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PUC pulls plug on Goodhue Wind project!

PUC Webcast here

‘Bout time this project went down…  What a thorny long drawn-out heated and circular discussion, but after a long five years, the Public Utilities Commission said no to Peter Mastic’s New Era and its request for an extension of time to get the project in service and operational.  Did I mention this has been a long journey?  It took five long years of persistent work on so many fronts, dogged work on the part of so many people!  L-O-N-G!  I first met with Goodhue Wind Truth and started representing them in late 2008, early 2009.

Just from today I have 12 pages of notes, so here’s the nutshell version, from the two page Revised Decision Options:

Revised Decision Options 20136-88332-01

  • After a protracted discussion, they first voted to DENY Todd Guererro’s Motion for another two weeks to prepare as he was just hired on.  Nope, says the Commission, we don’t buy it, New Era f/k/a/ f/k/a has had plenty of time.
  • And after an even longer more protracted and circular discussion, the Commission voted UNANIMOUSLY decision options 2 I & J:

  • Then came their vote on the Extension Request as a housekeeping matter:
  • And then, at the bottom of page 2, adding “August 23, 2013″ as the date certain for a response:

DONE!

GOOD RIDDANCE!

po-box-307-of-mastics-new-era-001

Todd Guererro, representing Peter Mastic f/k/a f/k/a, did a valiant job given what he had to work with, a client who didn’t bother to comply with PUC Orders, Information Requests, and laws — he deserves battle pay for  taking the hits hurled by the Commissioners, deserved, but he did the best job possible… well, except he apparently didn’t know that the Commission had made the determination that the project was a C-BED project many years ago, that it was not the Commissioner of Commerce.

I kept my trap shut, thinking “less is more.”

IT’S DONE!

IT’S REALLY DONE!

And an interesting sidebar, NSP had its crew there to monitor its interests (Verified Complaint for Declaratory Judgment, and what a delightful Complaint it is!), and I learned that my arch-nemesis Mike Krikava is a horn player, has a big band of reknown, Nova Contemporary Jazz Orchestra (not Les Brown, perhaps Minnesota’s Toshiko Akiyoshi??), and even played with Ed Berger.  Mike brought it up, wondering how I knew the “real outside” Ed, but folks, it’s a small, small world… who knew?!?

krikiva

And that after he ruins his reputation with his “heart-shaped” dot in his signature as noted by at least two of my GWT client’s cohorts:

Kinda skews my view, though the blustery honking of Bari fits him well.  It’s sort of like Mark Dayton being a shep nut — I will have higher expectations — we shall see… but if Krikava were a trumpet player, well, that’d be another matter entirely.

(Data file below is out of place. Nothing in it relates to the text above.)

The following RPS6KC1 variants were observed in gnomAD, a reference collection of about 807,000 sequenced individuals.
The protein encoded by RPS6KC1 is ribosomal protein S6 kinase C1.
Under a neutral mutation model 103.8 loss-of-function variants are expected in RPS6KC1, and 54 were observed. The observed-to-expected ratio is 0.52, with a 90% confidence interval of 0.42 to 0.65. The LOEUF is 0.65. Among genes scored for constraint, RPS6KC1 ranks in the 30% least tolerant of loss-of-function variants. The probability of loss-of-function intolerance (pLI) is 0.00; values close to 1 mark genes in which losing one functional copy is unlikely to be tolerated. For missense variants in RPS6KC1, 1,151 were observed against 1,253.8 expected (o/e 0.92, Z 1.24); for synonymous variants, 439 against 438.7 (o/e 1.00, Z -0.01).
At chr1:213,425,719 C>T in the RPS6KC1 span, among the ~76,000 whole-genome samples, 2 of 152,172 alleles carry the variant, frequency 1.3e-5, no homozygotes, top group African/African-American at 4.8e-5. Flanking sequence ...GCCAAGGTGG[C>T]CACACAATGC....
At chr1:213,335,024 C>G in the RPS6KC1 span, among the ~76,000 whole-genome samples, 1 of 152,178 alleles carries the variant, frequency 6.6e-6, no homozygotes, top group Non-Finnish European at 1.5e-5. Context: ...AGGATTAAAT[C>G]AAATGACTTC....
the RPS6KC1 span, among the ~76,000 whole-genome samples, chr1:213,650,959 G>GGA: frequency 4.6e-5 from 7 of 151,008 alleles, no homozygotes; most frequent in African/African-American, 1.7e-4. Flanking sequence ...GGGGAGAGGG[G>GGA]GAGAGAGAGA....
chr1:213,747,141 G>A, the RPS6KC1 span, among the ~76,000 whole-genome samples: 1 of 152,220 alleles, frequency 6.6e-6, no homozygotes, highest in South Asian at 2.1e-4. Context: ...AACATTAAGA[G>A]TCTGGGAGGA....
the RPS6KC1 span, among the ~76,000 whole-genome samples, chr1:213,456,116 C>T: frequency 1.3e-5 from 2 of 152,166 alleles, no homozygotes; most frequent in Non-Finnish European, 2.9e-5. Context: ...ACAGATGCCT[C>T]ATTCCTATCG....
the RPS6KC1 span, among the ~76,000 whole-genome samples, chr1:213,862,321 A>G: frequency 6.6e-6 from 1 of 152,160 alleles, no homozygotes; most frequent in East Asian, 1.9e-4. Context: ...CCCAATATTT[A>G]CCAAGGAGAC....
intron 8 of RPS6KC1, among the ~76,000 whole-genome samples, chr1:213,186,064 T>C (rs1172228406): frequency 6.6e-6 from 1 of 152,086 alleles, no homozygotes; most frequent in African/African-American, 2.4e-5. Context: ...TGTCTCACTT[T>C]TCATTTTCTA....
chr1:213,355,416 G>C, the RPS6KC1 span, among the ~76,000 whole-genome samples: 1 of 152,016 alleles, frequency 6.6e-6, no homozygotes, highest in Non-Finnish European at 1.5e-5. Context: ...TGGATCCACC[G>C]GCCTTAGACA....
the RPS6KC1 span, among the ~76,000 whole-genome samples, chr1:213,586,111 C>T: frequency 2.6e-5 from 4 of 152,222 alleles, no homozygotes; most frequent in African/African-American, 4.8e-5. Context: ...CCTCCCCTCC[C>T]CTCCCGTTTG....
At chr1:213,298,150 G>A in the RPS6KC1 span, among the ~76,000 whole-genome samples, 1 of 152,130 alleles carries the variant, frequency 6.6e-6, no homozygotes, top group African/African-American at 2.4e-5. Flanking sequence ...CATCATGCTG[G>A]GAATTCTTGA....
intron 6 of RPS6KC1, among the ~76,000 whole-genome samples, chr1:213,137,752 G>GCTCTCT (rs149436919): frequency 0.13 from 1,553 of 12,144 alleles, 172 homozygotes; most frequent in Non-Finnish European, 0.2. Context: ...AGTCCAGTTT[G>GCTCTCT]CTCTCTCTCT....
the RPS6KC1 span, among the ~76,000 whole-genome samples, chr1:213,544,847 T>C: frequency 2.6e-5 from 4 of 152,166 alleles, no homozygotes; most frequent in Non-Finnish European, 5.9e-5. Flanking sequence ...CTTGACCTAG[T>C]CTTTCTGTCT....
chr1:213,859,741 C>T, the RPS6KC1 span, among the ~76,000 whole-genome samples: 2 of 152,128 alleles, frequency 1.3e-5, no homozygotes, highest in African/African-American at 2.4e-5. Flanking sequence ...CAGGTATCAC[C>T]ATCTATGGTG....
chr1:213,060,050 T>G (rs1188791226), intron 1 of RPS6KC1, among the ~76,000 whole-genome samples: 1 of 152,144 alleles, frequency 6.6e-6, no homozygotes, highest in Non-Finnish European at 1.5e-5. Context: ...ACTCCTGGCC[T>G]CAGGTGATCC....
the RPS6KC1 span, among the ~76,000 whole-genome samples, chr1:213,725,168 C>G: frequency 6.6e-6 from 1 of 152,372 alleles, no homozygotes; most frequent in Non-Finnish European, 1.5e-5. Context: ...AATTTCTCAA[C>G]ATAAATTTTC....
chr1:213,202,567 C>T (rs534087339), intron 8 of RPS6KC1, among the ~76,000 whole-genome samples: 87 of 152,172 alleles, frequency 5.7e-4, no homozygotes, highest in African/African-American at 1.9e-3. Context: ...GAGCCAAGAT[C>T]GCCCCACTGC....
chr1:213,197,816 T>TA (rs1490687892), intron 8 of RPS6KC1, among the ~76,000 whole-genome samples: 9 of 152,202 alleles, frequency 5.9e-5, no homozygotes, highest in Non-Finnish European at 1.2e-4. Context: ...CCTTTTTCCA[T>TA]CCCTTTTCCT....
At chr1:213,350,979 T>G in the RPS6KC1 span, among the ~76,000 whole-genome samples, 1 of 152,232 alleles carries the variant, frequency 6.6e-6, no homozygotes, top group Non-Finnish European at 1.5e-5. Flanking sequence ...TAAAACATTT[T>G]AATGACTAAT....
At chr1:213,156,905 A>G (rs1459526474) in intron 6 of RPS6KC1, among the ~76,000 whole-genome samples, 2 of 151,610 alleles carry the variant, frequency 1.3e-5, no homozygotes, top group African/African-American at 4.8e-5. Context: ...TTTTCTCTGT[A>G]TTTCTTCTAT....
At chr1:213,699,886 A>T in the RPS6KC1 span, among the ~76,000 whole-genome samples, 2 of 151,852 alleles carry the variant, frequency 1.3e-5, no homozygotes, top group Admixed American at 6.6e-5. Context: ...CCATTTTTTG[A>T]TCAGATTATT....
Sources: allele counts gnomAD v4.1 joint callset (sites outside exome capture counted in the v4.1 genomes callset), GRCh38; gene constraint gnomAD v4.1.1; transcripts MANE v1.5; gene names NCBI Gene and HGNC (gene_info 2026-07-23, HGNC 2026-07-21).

In the Rochester Post Bulletin tonight:

PUC commissioner:  It’s time to pull the plug on New Era project

ST. PAUL — After nearly five years in the permitting process, the Minnesota Public Utilities Commission might have finally pulled the plug on the controversial New Era wind project.

After lengthy discussion during Thursday’s PUC hearing — including a few testy exchanges between commissioners and New Era attorney Todd Guerrero — the PUC unanimously approved five motions that will make it difficult, if not impossible, for the project to move forward in its current form.

“I think this is definitely a David and Goliath story,” said rural Goodhue farmer Ann Buck, one of the project’s critics, who have spent six figures battling the project over health, environmental and aesthetic concerns. “But I don’t think it was one rock that got the giant. It was many over the last four, five years.”

“The project’s finished, and it has been for awhile,” said Marie McNamara, of Goodhue Wind Truth. “They didn’t extend the in-service date, and the rest is just housecleaning.”

“At the end of the day, your decision will be reviewed on the statute and the rules.”

And in the STrib:

The eagles in Goodhue County may not know it, but they won a victory Thursday. The Minnesota Public Utilities Commission pulled the plug on a controversial wind energy project that was stalled for years by a fierce and well-organized local opposition that successfully used its potential impact on eagles to help derail it.

Concerns about the eagles and other wildlife emerged late in the development process, well after the PUC had given the company legal authority and a permit to build. But it’s an example of how concerns about wildlife and other environmental siting issues have become a concern nationally. Once largely ignored, the impact on birds and bats, which die by the many thousands when they run into turbine blades, has now become a focus for both the industry and conservation groups nationally.

The developer, New Era Wind Farm, could try to revive the $180 million project after resolving legal issues with Xcel Energy, its attorney said. But after years of delay caused in part by the wildlife issues, the PUC commissioners voted unanimously not to extend the company’s legal authority to build the 78 megawatt wind farm in Goodhue County.

“It doesn’t necessarily kill the project, but it doesn’t help,” said Todd Guerrero, the attorney representing New Era wind farm.

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